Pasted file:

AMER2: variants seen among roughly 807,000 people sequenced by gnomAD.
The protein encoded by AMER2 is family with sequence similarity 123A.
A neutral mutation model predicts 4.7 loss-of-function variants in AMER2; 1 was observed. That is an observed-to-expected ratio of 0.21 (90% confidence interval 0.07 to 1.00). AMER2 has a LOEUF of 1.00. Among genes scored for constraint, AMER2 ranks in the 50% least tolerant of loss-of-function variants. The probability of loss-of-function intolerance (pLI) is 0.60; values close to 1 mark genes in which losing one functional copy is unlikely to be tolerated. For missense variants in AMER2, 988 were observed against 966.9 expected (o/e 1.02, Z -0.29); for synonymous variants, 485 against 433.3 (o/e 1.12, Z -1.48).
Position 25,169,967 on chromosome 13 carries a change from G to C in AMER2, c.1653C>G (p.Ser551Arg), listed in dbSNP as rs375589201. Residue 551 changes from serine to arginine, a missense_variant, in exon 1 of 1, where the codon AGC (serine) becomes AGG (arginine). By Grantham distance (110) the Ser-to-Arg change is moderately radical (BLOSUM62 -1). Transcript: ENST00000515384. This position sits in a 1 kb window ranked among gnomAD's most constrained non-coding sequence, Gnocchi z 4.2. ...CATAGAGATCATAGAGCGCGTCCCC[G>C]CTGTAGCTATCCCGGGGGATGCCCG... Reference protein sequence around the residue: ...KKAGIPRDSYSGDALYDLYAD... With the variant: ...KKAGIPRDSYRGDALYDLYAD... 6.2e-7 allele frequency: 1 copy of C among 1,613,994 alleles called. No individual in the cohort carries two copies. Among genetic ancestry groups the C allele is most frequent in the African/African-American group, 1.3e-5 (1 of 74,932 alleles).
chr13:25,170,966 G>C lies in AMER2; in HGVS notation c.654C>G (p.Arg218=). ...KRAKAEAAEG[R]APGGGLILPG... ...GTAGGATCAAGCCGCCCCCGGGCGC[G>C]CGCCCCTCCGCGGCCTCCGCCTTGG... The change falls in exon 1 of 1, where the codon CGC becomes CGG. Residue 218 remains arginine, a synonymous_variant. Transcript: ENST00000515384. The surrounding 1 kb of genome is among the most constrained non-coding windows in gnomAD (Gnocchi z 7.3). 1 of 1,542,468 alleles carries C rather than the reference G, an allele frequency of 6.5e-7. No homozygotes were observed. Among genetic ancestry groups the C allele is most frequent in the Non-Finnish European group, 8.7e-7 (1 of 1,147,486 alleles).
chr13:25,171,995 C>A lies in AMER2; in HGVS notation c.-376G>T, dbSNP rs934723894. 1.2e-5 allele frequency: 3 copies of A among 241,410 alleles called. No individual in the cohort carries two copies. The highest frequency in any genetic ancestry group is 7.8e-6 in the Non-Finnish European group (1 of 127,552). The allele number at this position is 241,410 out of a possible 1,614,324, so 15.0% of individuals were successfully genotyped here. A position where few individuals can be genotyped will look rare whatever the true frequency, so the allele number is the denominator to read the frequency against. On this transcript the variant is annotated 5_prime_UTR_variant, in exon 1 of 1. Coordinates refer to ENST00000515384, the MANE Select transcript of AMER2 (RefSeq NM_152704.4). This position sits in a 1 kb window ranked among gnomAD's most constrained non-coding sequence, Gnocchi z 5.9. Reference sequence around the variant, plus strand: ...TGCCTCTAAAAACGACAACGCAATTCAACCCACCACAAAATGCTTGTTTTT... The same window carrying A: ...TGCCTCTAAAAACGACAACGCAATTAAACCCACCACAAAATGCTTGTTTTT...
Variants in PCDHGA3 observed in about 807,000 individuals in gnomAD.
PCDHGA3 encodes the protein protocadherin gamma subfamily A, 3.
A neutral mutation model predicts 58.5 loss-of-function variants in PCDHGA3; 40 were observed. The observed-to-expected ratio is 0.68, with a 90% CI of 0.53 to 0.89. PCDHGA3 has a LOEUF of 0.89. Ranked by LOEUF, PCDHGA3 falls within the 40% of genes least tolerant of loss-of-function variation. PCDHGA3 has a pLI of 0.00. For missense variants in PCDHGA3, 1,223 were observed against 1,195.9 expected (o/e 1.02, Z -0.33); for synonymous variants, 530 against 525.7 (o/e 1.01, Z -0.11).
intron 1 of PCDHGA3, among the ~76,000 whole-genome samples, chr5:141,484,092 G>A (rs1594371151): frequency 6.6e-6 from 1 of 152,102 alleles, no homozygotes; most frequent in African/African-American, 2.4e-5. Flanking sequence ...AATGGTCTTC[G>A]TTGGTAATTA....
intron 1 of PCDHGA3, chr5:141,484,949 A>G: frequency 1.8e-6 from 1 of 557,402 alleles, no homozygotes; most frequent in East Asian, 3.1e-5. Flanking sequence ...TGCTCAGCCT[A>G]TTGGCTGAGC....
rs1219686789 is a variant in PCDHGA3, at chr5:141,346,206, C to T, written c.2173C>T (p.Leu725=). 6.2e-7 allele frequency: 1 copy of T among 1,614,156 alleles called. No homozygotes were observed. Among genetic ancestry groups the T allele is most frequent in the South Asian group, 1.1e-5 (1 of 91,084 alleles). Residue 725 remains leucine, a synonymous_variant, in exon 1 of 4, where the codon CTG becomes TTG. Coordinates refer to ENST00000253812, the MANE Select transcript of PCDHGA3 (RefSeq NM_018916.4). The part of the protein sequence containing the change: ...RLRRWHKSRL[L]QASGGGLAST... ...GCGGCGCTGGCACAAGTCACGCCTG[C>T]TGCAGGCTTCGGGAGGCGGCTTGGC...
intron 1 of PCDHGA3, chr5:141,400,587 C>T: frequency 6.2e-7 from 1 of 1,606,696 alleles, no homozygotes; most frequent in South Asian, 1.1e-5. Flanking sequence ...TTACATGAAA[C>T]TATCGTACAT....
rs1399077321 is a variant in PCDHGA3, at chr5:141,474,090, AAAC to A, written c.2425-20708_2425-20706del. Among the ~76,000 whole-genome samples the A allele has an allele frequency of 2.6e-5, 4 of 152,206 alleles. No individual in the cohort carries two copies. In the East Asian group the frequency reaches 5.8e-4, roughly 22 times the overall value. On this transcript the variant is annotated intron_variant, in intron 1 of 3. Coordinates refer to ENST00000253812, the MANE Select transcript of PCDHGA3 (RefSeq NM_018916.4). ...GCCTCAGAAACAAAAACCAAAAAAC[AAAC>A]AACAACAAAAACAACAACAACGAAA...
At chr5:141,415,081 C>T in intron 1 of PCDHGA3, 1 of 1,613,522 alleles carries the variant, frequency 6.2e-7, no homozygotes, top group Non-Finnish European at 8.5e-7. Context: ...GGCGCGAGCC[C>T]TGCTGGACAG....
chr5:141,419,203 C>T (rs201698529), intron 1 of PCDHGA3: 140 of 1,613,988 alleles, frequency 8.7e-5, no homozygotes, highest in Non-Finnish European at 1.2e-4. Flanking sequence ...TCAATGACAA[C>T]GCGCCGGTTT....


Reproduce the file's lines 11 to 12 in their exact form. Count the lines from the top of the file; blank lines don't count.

intron 1 of PCDHGA3, chr5:141,484,949 A>G: frequency 1.8e-6 from 1 of 557,402 alleles, no homozygotes; most frequent in East Asian, 3.1e-5. Flanking sequence ...TGCTCAGCCT[A>G]TTGGCTGAGC....
rs1219686789 is a variant in PCDHGA3, at chr5:141,346,206, C to T, written c.2173C>T (p.Leu725=). 6.2e-7 allele frequency: 1 copy of T among 1,614,156 alleles called. No homozygotes were observed. Among genetic ancestry groups the T allele is most frequent in the South Asian group, 1.1e-5 (1 of 91,084 alleles). Residue 725 remains leucine, a synonymous_variant, in exon 1 of 4, where the codon CTG becomes TTG. Coordinates refer to ENST00000253812, the MANE Select transcript of PCDHGA3 (RefSeq NM_018916.4). The part of the protein sequence containing the change: ...RLRRWHKSRL[L]QASGGGLAST... ...GCGGCGCTGGCACAAGTCACGCCTG[C>T]TGCAGGCTTCGGGAGGCGGCTTGGC...